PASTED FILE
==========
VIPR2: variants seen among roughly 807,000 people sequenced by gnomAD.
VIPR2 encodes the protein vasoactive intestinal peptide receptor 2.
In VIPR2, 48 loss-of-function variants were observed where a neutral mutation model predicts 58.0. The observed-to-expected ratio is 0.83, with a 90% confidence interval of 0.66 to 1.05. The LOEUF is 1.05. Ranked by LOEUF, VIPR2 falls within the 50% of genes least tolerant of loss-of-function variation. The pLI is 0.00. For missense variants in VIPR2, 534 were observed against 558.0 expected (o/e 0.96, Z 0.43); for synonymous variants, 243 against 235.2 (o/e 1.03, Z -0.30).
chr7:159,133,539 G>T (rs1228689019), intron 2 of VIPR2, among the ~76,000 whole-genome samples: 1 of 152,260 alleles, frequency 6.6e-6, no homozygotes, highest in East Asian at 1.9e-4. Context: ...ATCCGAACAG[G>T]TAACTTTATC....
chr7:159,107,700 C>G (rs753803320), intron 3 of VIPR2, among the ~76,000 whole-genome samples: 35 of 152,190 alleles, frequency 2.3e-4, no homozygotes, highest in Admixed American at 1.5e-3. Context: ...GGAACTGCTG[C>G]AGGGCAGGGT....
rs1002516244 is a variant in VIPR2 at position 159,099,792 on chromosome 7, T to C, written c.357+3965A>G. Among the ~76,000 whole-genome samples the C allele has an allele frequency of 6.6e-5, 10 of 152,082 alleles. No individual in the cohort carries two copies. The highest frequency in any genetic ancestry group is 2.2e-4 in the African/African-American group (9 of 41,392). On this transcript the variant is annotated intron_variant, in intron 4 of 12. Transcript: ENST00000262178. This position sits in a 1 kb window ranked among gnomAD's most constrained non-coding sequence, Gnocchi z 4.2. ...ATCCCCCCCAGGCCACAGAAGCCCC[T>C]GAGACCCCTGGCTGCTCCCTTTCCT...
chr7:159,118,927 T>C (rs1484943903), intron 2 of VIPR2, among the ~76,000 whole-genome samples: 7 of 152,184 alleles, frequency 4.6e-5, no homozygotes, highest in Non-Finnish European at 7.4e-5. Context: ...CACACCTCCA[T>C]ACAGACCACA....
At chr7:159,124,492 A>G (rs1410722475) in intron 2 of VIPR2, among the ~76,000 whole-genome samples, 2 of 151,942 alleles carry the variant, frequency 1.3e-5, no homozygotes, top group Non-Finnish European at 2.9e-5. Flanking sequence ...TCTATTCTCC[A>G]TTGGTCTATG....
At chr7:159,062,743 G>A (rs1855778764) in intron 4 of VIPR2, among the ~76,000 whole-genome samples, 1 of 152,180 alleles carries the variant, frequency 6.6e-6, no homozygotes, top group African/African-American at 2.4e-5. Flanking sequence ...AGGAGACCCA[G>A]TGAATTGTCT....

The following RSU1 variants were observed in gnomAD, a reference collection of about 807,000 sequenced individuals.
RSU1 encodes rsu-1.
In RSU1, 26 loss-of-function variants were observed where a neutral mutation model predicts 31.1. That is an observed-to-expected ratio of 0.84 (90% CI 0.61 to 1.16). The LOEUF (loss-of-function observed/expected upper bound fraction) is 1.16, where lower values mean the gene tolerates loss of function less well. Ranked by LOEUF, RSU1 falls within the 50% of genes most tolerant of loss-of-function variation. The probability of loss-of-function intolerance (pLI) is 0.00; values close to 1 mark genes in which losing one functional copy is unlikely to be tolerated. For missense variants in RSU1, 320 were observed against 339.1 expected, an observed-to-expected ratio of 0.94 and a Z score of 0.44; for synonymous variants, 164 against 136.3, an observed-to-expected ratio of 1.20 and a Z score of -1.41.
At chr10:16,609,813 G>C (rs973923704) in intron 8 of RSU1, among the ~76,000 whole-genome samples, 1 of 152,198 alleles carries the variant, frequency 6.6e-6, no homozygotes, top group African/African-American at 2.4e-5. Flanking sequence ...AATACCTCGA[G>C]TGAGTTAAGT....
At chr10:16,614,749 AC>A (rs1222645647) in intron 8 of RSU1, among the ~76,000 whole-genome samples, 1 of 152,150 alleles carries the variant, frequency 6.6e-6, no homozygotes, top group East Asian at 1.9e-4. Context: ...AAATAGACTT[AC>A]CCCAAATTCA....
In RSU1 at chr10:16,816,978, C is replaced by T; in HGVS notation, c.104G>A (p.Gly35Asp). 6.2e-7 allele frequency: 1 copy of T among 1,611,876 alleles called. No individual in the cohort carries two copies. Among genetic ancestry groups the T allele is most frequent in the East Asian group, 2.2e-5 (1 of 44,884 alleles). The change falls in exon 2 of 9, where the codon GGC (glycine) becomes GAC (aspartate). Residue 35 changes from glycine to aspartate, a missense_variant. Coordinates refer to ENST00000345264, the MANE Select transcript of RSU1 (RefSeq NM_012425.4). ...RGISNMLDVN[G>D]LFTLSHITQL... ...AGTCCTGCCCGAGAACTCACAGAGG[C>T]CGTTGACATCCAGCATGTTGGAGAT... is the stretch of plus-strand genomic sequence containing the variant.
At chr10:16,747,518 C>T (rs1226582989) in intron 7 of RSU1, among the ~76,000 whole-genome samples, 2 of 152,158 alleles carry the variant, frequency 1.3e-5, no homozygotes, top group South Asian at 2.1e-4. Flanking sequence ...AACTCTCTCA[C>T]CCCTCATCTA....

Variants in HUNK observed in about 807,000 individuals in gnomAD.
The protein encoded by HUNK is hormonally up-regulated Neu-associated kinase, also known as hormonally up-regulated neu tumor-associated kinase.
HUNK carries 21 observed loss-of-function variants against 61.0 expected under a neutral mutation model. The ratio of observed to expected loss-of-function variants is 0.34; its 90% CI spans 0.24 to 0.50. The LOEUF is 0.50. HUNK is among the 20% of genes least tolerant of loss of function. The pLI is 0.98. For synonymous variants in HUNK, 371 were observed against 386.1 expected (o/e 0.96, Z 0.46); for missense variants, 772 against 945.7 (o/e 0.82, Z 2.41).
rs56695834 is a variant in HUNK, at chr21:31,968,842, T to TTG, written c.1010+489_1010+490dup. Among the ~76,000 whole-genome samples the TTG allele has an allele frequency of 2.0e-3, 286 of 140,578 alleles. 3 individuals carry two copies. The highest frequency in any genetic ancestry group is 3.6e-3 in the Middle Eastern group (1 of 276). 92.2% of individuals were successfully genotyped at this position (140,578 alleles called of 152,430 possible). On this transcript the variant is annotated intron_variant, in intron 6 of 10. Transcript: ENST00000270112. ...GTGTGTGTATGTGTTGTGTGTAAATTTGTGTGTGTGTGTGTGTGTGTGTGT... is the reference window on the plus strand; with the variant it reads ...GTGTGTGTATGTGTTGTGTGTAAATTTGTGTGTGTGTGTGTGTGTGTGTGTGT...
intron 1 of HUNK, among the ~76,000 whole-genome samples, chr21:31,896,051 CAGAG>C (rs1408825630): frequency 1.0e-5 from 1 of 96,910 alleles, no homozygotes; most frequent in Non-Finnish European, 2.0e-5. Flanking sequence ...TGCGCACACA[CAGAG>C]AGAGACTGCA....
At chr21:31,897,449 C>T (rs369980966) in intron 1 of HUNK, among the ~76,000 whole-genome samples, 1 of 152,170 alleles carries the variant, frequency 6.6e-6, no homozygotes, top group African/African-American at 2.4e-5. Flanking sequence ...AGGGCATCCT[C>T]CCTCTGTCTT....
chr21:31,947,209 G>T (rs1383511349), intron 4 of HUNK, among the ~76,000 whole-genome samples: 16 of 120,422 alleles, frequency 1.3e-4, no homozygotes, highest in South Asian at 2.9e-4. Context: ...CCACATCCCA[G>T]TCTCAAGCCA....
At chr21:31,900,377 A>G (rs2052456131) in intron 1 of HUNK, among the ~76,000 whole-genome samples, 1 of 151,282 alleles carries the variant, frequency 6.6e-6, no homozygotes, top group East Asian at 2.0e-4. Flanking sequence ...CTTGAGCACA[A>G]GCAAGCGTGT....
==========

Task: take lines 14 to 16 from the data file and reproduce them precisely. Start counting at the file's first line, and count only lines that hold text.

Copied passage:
At chr10:16,614,749 AC>A (rs1222645647) in intron 8 of RSU1, among the ~76,000 whole-genome samples, 1 of 152,150 alleles carries the variant, frequency 6.6e-6, no homozygotes, top group East Asian at 1.9e-4. Context: ...AAATAGACTT[AC>A]CCCAAATTCA....
In RSU1 at chr10:16,816,978, C is replaced by T; in HGVS notation, c.104G>A (p.Gly35Asp). 6.2e-7 allele frequency: 1 copy of T among 1,611,876 alleles called. No individual in the cohort carries two copies. Among genetic ancestry groups the T allele is most frequent in the East Asian group, 2.2e-5 (1 of 44,884 alleles). The change falls in exon 2 of 9, where the codon GGC (glycine) becomes GAC (aspartate). Residue 35 changes from glycine to aspartate, a missense_variant. Coordinates refer to ENST00000345264, the MANE Select transcript of RSU1 (RefSeq NM_012425.4). ...RGISNMLDVN[G>D]LFTLSHITQL... ...AGTCCTGCCCGAGAACTCACAGAGG[C>T]CGTTGACATCCAGCATGTTGGAGAT... is the stretch of plus-strand genomic sequence containing the variant.
At chr10:16,747,518 C>T (rs1226582989) in intron 7 of RSU1, among the ~76,000 whole-genome samples, 2 of 152,158 alleles carry the variant, frequency 1.3e-5, no homozygotes, top group South Asian at 2.1e-4. Flanking sequence ...AACTCTCTCA[C>T]CCCTCATCTA....